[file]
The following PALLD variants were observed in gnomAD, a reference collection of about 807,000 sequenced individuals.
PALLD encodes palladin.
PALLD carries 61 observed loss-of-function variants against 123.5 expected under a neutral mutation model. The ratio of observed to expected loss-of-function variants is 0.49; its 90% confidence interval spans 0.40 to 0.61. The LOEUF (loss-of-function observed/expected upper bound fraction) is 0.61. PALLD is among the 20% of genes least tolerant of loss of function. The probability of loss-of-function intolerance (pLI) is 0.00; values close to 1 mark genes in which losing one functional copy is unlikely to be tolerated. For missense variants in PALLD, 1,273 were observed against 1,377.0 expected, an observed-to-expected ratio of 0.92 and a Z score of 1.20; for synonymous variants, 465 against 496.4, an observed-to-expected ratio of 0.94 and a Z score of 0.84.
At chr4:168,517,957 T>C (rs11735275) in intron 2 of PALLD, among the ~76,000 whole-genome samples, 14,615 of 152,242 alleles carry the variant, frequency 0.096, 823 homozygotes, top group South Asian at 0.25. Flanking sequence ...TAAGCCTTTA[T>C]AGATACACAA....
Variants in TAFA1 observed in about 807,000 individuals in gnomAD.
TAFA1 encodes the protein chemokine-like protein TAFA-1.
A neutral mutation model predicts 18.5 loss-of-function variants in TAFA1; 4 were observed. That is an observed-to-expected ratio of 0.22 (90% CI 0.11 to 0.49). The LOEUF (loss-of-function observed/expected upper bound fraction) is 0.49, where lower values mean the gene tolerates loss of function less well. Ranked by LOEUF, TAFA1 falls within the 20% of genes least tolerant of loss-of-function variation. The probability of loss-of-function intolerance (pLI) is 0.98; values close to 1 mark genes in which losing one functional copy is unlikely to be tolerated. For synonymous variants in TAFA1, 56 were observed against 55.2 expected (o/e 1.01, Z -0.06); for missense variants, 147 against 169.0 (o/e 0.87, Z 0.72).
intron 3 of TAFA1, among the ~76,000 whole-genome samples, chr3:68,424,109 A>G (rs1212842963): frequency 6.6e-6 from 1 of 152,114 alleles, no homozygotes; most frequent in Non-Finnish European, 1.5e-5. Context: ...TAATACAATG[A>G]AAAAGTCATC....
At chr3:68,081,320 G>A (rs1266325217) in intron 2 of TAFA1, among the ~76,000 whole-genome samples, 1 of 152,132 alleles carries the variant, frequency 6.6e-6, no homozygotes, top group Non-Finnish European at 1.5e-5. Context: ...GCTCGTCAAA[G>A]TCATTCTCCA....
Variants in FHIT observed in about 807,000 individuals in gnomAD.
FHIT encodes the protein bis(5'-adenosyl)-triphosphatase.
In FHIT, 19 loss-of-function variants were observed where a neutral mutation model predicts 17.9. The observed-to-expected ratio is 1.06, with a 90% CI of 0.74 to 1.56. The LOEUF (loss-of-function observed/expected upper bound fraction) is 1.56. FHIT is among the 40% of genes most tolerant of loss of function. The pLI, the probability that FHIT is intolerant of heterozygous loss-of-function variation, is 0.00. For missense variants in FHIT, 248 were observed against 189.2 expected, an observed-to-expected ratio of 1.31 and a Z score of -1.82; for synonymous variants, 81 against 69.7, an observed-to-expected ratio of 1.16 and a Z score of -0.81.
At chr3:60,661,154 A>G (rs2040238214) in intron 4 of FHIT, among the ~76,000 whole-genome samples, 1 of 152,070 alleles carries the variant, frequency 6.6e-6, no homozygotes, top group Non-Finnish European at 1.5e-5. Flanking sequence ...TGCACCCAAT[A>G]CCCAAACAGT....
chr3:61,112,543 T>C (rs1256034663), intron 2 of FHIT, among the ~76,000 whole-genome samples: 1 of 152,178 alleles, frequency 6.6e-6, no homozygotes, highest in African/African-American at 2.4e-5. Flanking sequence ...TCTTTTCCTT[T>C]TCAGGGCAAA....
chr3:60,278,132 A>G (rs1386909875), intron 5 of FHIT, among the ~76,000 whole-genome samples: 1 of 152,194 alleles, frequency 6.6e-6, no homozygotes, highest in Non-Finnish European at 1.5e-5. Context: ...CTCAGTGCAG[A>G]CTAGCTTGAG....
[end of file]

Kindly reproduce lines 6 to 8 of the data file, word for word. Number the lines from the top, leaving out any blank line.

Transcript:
TAFA1 encodes the protein chemokine-like protein TAFA-1.
A neutral mutation model predicts 18.5 loss-of-function variants in TAFA1; 4 were observed. That is an observed-to-expected ratio of 0.22 (90% CI 0.11 to 0.49). The LOEUF (loss-of-function observed/expected upper bound fraction) is 0.49, where lower values mean the gene tolerates loss of function less well. Ranked by LOEUF, TAFA1 falls within the 20% of genes least tolerant of loss-of-function variation. The probability of loss-of-function intolerance (pLI) is 0.98; values close to 1 mark genes in which losing one functional copy is unlikely to be tolerated. For synonymous variants in TAFA1, 56 were observed against 55.2 expected (o/e 1.01, Z -0.06); for missense variants, 147 against 169.0 (o/e 0.87, Z 0.72).
intron 3 of TAFA1, among the ~76,000 whole-genome samples, chr3:68,424,109 A>G (rs1212842963): frequency 6.6e-6 from 1 of 152,114 alleles, no homozygotes; most frequent in Non-Finnish European, 1.5e-5. Context: ...TAATACAATG[A>G]AAAAGTCATC....